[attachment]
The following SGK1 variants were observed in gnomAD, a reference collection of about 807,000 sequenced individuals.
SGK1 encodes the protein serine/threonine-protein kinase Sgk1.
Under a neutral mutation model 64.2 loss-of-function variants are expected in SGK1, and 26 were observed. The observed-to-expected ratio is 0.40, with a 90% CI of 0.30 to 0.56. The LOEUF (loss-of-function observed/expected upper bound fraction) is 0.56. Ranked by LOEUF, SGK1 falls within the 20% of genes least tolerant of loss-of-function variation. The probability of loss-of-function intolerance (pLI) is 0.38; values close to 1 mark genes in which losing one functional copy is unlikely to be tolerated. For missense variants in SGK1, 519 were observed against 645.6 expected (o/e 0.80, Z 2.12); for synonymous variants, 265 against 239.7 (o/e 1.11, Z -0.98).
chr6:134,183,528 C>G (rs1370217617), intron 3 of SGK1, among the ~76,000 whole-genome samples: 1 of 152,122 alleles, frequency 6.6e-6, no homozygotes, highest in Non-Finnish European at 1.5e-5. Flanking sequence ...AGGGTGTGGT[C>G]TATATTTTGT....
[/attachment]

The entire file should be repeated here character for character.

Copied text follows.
The following SGK1 variants were observed in gnomAD, a reference collection of about 807,000 sequenced individuals.
SGK1 encodes the protein serine/threonine-protein kinase Sgk1.
Under a neutral mutation model 64.2 loss-of-function variants are expected in SGK1, and 26 were observed. The observed-to-expected ratio is 0.40, with a 90% CI of 0.30 to 0.56. The LOEUF (loss-of-function observed/expected upper bound fraction) is 0.56. Ranked by LOEUF, SGK1 falls within the 20% of genes least tolerant of loss-of-function variation. The probability of loss-of-function intolerance (pLI) is 0.38; values close to 1 mark genes in which losing one functional copy is unlikely to be tolerated. For missense variants in SGK1, 519 were observed against 645.6 expected (o/e 0.80, Z 2.12); for synonymous variants, 265 against 239.7 (o/e 1.11, Z -0.98).
chr6:134,183,528 C>G (rs1370217617), intron 3 of SGK1, among the ~76,000 whole-genome samples: 1 of 152,122 alleles, frequency 6.6e-6, no homozygotes, highest in Non-Finnish European at 1.5e-5. Flanking sequence ...AGGGTGTGGT[C>G]TATATTTTGT....